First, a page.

Renshaw's recovery plan will differ to that of a non-sprinter or someone like Tony Martin, HTC's main GC threat.
"Yeah, sprinters and GC riders have different types because their muscles work differently. The biggest difference is the massage. It's totally different because sprinters need to get out the maximum work in a very short time, and for the endurance work with the GC riders it's a kind of softer massage in getting the riders over the days.
"The temperature and the cold plunges are also a bit different for sprinters because the amount of lactic acid produced after sprint is much higher than in a GC rider. So there's always little things in general they do the same and other things are different."
There will be no cold plunges today though, the weather has been miserable and the apparatus works best after long hot stages.
"It's a bath with circulated water and in the end it's only the pressure from the water and cold temperature which brings the soft tissue in the legs and the lower body… it's like I said a different recovery process. What's going to happen there is you enhance the metabolism and you reduce the lactic acid and you stop the little bruises the little bleeding.
"Actually today was a problem because our hotel was pretty far away from the start and we had to be early in the start because the protocol in the Tour says this.
"What we normally try to do is have a full, good breakfast there hours before the start and then continuous snacking until the start. He had his breakfast actually closer to five hours before the start, which is definitely too late, so we tried to move it to this three-hour line as good as possible.
"But because of organisational stuff it's not easy to do this, so we already talked about this and we will change this for tomorrow. So the plan is to change his diet a bit, we will get a few different things in this early breakfast and during this snacking time he will eat a few more calories."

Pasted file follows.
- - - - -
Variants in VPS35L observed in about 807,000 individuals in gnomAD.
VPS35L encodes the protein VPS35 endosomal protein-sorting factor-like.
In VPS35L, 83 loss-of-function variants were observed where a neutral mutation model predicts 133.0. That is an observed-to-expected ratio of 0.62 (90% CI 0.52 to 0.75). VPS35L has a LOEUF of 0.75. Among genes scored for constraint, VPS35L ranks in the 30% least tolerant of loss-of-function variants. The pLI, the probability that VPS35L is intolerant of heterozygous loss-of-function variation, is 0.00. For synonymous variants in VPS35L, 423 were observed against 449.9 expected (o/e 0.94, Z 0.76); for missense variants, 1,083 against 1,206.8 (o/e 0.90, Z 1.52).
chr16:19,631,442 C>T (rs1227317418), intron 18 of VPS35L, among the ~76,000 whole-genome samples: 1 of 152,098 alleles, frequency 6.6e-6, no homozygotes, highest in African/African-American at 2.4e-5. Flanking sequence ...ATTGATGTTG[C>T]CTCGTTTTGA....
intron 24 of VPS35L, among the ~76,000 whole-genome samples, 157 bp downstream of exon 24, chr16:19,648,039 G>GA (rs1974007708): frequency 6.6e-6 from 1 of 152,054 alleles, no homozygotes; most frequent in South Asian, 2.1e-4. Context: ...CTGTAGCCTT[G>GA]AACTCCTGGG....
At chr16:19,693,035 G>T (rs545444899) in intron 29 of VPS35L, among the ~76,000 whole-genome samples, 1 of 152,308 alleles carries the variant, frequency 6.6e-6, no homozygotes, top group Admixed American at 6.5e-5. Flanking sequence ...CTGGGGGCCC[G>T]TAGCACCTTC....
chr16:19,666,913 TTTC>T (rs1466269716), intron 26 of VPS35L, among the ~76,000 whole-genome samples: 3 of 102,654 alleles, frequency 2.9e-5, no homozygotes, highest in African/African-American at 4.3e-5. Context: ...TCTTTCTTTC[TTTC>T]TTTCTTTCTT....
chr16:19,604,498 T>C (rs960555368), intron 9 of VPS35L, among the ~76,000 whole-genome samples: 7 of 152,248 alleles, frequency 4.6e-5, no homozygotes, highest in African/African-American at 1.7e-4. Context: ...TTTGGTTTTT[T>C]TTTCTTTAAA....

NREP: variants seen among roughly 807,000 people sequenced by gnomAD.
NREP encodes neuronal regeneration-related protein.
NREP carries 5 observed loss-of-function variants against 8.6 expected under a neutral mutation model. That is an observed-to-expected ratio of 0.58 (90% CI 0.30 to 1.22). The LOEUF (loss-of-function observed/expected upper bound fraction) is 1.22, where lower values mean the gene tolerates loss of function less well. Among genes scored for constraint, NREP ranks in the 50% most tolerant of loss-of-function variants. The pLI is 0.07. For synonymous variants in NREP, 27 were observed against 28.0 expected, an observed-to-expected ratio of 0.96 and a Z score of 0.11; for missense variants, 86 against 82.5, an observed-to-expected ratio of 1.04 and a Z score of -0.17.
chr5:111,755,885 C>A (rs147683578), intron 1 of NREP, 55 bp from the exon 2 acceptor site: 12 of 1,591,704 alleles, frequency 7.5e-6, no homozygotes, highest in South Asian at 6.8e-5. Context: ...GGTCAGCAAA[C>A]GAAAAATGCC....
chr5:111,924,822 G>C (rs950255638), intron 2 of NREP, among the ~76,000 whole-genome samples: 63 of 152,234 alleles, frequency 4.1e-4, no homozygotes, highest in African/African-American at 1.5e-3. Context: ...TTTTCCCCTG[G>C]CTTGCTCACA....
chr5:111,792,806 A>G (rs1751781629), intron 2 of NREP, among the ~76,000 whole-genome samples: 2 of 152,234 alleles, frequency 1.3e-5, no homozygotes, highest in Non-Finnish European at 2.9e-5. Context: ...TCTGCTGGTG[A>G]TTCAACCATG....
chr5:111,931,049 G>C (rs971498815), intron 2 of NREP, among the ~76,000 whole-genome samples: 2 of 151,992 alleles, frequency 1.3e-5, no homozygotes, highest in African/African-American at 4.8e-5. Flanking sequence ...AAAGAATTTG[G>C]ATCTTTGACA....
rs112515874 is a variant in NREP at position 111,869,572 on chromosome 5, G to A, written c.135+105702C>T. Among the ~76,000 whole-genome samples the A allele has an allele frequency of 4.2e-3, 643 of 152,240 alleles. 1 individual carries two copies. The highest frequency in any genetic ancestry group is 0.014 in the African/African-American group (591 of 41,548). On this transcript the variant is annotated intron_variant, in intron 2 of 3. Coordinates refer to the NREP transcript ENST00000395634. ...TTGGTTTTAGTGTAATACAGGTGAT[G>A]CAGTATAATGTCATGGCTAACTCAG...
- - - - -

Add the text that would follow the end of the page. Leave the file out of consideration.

With dinner dispersed, the riders and staff gather in the cramped lobby for a toast. One suspects that the real back slapping and praise has been handed out at the riders' own private dinner but with a stage win comes the obligatory press invasion and the riders are summoned to toast Cavendish's win. The man himself is on the water – ever the pro – while Renshaw stands in close proximity.
The toast completed, Cavendish must now make time for live television interviews, while Renshaw, keen to get a decent night's sleep, leaves his glass and heads up to his room.
Tomorrow breakfast will be served later, as per Renshaw's request but for now the priority is sleep. These riders are not just racing on the roads, pitting themselves against each other to be the best, they're doing it off the bike too.
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Daniel Benson was the Editor in Chief at Cyclingnews.com between 2008 and 2022. Based in the UK, he joined the Cyclingnews team in 2008 as the site's first UK-based Managing Editor. In that time, he reported on over a dozen editions of the Tour de France, several World Championships, the Tour Down Under, Spring Classics, and the London 2012 Olympic Games. With the help of the excellent editorial team, he ran the coverage on Cyclingnews and has interviewed leading figures in the sport including UCI Presidents and Tour de France winners.